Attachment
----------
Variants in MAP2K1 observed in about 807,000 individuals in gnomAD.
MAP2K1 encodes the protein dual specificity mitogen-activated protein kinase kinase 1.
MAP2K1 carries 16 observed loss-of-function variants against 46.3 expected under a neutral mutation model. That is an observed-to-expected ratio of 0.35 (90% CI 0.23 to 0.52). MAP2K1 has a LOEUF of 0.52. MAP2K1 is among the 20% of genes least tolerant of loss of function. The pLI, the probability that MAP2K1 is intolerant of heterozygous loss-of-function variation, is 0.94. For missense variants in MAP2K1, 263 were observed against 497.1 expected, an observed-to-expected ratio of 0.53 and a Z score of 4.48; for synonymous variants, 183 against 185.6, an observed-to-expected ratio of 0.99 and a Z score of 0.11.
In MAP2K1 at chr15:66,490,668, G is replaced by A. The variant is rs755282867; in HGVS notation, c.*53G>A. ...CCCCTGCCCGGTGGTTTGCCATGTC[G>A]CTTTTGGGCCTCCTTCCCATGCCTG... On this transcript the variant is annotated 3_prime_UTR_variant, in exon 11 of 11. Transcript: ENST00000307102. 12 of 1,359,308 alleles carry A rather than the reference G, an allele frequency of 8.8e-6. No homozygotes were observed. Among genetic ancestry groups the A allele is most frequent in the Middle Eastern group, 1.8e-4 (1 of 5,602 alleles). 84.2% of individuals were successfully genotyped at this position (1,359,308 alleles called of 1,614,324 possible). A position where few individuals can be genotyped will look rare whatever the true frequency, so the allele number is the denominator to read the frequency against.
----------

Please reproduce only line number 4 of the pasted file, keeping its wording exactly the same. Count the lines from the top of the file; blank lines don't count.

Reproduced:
In MAP2K1 at chr15:66,490,668, G is replaced by A. The variant is rs755282867; in HGVS notation, c.*53G>A. ...CCCCTGCCCGGTGGTTTGCCATGTC[G>A]CTTTTGGGCCTCCTTCCCATGCCTG... On this transcript the variant is annotated 3_prime_UTR_variant, in exon 11 of 11. Transcript: ENST00000307102. 12 of 1,359,308 alleles carry A rather than the reference G, an allele frequency of 8.8e-6. No homozygotes were observed. Among genetic ancestry groups the A allele is most frequent in the Middle Eastern group, 1.8e-4 (1 of 5,602 alleles). 84.2% of individuals were successfully genotyped at this position (1,359,308 alleles called of 1,614,324 possible). A position where few individuals can be genotyped will look rare whatever the true frequency, so the allele number is the denominator to read the frequency against.